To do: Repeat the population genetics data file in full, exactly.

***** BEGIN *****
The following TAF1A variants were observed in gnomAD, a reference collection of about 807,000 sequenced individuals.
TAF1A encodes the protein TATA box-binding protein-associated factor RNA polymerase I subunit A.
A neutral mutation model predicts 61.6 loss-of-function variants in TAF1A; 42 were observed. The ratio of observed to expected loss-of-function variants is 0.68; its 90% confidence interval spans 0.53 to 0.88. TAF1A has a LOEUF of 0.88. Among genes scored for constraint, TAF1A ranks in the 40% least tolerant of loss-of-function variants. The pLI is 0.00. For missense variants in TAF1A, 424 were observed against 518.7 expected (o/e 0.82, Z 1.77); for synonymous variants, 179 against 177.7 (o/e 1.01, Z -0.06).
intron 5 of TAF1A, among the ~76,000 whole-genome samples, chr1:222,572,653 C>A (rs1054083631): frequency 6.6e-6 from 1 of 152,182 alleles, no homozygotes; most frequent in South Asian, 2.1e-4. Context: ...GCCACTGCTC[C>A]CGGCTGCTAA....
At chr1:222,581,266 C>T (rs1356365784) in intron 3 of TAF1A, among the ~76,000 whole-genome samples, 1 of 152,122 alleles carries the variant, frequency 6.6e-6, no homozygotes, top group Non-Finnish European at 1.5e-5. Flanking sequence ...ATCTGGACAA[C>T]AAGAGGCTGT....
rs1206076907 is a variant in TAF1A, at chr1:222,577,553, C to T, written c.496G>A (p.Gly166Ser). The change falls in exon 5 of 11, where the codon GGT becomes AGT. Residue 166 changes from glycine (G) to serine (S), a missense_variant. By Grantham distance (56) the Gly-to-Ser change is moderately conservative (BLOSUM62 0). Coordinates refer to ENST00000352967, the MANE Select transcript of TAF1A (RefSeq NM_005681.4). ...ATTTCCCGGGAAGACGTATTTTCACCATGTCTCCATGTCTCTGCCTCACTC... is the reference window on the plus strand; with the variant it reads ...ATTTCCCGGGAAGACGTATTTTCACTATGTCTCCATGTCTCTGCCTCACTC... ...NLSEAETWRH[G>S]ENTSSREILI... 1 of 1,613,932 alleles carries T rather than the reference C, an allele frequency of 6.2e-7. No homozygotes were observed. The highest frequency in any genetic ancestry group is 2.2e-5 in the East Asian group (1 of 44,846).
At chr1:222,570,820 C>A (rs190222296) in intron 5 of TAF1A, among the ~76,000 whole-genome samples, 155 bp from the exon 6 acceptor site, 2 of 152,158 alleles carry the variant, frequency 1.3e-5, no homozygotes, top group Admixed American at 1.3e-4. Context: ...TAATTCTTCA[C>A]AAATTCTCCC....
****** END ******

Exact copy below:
The following TAF1A variants were observed in gnomAD, a reference collection of about 807,000 sequenced individuals.
TAF1A encodes the protein TATA box-binding protein-associated factor RNA polymerase I subunit A.
A neutral mutation model predicts 61.6 loss-of-function variants in TAF1A; 42 were observed. The ratio of observed to expected loss-of-function variants is 0.68; its 90% confidence interval spans 0.53 to 0.88. TAF1A has a LOEUF of 0.88. Among genes scored for constraint, TAF1A ranks in the 40% least tolerant of loss-of-function variants. The pLI is 0.00. For missense variants in TAF1A, 424 were observed against 518.7 expected (o/e 0.82, Z 1.77); for synonymous variants, 179 against 177.7 (o/e 1.01, Z -0.06).
intron 5 of TAF1A, among the ~76,000 whole-genome samples, chr1:222,572,653 C>A (rs1054083631): frequency 6.6e-6 from 1 of 152,182 alleles, no homozygotes; most frequent in South Asian, 2.1e-4. Context: ...GCCACTGCTC[C>A]CGGCTGCTAA....
At chr1:222,581,266 C>T (rs1356365784) in intron 3 of TAF1A, among the ~76,000 whole-genome samples, 1 of 152,122 alleles carries the variant, frequency 6.6e-6, no homozygotes, top group Non-Finnish European at 1.5e-5. Flanking sequence ...ATCTGGACAA[C>T]AAGAGGCTGT....
rs1206076907 is a variant in TAF1A, at chr1:222,577,553, C to T, written c.496G>A (p.Gly166Ser). The change falls in exon 5 of 11, where the codon GGT becomes AGT. Residue 166 changes from glycine (G) to serine (S), a missense_variant. By Grantham distance (56) the Gly-to-Ser change is moderately conservative (BLOSUM62 0). Coordinates refer to ENST00000352967, the MANE Select transcript of TAF1A (RefSeq NM_005681.4). ...ATTTCCCGGGAAGACGTATTTTCACCATGTCTCCATGTCTCTGCCTCACTC... is the reference window on the plus strand; with the variant it reads ...ATTTCCCGGGAAGACGTATTTTCACTATGTCTCCATGTCTCTGCCTCACTC... ...NLSEAETWRH[G>S]ENTSSREILI... 1 of 1,613,932 alleles carries T rather than the reference C, an allele frequency of 6.2e-7. No homozygotes were observed. The highest frequency in any genetic ancestry group is 2.2e-5 in the East Asian group (1 of 44,846).
At chr1:222,570,820 C>A (rs190222296) in intron 5 of TAF1A, among the ~76,000 whole-genome samples, 155 bp from the exon 6 acceptor site, 2 of 152,158 alleles carry the variant, frequency 1.3e-5, no homozygotes, top group Admixed American at 1.3e-4. Context: ...TAATTCTTCA[C>A]AAATTCTCCC....